A New Rabbit, Because It Won't Eat the Fuel
Sunday, July 23, 2006
Kindly ignore the recent Environmental Protection Agency report bemoaning the lack of improvement in automotive fuel economy over the past 25 years. Also, pay little heed to the predictable congressional response to that annual EPA dirge, this time from a coalition of Democrats and Republicans led by Sen. Barack Obama (D-Ill.), calling for a drastic increase in the fuel economy of cars and trucks.
The honorable lawmakers and the numbers manipulators at the EPA are missing several points, the first of which is that the agency's fuel economy progress report is relatively meaningless because it is based on the average fuel economy of the new vehicles sold in the United States, as opposed to those actually produced here or left to sit unsold on dealership parking lots.
The second point, the core of this week's product review, is that we are entering the Age of Urban Wheels -- smaller, well-designed, more fuel-efficient, likable cars and trucks, such as the 2006 Volkswagen Rabbit.
The third point is this: We are entering the Age of Urban Wheels because the oil market is doing what neither the EPA nor federally mandated fuel economy standards nor Obama and company are capable of doing or have the guts to do. Rising pump prices are raising the cost of driving.
As driving costs go up, sales of gas-guzzlers go down. As sales of gas-guzzlers go down, fuel conservation goes up, along with the demonstrated increased sales of models such as the new Rabbit, a front-wheel-drive hatchback, available as a coupe or with four doors, that has an EPA mileage rating of 22 miles per gallon in the city and 30 miles per gallon on the highway.
It will take another year or so before the effects of more sales of small vehicles show up in the EPA's mileage reports. But if gasoline prices stay up along with the excellent quality of little runners such as the Rabbit, we should see a discernible increase in the fuel economy of new vehicles sold stateside.
That is not wishful thinking. It is a matter of rational economics, which probably is why the concept is not popular on Capitol Hill in particular or in Washington in general. If the honorable lawmakers and their allies in the government's regulatory wing need proof, all they have to do is take one of those fact-finding trips to Europe and Asia where there are no government-mandated fuel economy standards, but where there are heavy taxes on things such as gasoline, engine displacement and even vehicle size.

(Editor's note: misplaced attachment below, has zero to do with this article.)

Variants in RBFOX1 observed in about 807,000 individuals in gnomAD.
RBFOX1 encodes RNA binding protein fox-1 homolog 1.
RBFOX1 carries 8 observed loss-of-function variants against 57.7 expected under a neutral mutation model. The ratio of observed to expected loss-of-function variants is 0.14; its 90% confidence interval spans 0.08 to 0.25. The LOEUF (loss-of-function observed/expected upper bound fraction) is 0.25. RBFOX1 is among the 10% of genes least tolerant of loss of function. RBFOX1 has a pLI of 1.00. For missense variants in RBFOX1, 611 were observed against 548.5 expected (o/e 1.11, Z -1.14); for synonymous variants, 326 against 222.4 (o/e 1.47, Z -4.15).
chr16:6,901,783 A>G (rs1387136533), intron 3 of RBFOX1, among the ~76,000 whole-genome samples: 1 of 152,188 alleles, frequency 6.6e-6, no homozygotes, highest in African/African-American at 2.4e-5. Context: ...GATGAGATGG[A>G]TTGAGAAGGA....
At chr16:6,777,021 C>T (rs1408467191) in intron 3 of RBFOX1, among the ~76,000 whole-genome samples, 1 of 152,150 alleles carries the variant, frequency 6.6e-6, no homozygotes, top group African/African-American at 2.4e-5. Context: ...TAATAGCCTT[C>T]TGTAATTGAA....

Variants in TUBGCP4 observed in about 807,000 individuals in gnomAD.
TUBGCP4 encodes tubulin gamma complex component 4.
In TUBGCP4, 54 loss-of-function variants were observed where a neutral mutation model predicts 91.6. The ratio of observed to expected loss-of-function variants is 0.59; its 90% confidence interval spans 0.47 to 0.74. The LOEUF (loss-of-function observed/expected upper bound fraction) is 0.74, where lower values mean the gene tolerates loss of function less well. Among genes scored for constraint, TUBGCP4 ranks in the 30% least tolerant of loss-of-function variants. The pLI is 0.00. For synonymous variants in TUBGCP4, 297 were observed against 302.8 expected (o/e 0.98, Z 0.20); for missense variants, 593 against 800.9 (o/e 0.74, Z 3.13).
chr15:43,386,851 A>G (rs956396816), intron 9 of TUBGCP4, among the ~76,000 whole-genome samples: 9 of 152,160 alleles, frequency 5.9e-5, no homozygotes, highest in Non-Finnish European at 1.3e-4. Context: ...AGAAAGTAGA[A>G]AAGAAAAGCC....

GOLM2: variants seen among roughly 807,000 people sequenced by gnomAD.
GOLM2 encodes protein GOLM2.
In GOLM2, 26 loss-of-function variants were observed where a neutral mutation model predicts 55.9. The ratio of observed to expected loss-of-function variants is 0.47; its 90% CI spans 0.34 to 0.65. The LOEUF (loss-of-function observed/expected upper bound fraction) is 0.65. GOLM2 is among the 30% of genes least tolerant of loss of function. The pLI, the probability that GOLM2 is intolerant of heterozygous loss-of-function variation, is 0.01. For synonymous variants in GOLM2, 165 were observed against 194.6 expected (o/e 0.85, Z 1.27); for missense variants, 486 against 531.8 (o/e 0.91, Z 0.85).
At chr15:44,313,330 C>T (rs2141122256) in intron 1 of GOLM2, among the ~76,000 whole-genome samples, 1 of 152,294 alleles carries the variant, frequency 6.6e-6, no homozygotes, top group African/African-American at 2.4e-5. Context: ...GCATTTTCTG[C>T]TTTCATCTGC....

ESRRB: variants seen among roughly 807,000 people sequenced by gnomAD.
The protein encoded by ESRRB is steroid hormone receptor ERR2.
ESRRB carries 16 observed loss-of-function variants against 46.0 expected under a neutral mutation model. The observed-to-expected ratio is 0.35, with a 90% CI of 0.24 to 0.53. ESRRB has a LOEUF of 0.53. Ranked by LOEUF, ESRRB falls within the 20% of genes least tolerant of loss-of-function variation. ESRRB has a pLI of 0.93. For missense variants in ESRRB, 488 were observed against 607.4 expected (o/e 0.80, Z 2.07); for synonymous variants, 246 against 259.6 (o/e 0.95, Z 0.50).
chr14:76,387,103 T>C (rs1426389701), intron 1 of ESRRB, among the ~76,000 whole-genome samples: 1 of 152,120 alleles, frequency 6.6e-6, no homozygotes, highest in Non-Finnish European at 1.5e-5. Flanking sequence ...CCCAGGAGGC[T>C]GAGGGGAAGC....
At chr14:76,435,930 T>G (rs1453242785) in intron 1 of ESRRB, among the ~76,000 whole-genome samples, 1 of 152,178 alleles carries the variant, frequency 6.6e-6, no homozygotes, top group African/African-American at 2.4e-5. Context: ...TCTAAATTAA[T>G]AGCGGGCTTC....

Those kinds of levies, anathema to U.S. politicians, are why the Germans, Japanese and Koreans -- and even the Americans doing business in Europe and Asia -- have gotten so good at making great little cars and trucks, such as the Rabbit.
The European and Asian markets take the small vehicles those car companies make because European and Asian consumers value those models and are willing to pay top dollar for them, thus making the development and sale of small cars and trucks profitable.
Overseas consumers want good, small vehicles because they want to save money as much as they want a good ride. That is, after all, how Volkswagen became Volkswagen -- a German automobile manufacturer originally dedicated to the proposition that premium German engineering need not be costly to buy or operate.
For a long while -- too long -- it seemed as if Volkswagen had forgotten its reason for being and had fallen victim to the American syndrome of cheap-gasoline-itis, an ego-driven disease manifested by a mania for big wheels and ever-bigger horsepower. At Volkswagen, the affliction showed up as the ill-fated Phaeton supercar.
But the born-again Rabbit, essentially a European Golf based on a Volkswagen Jetta platform, strongly indicates that Volkswagen has returned to its senses.
Throttle jockeys -- motorists who value horsepower and racetrack handling over all other automotive attributes -- won't like the Rabbit with its little yes-I-can-yes-I-can 150-horsepower, in-line five-cylinder engine. They won't like its soft suspension (integrated McPherson struts, coil springs, telescopic shock absorbers and stabilizer bar up front with multi-links, coil springs, telescopic gas-pressurized shock absorbers and stabilizer bar in the rear).
But those of us who value common sense as much as we do a decent highway romp, who want a car that speaks to our daily commuting needs instead of to some poorly conceived federal mandate, well, we'll like the new Rabbit just fine.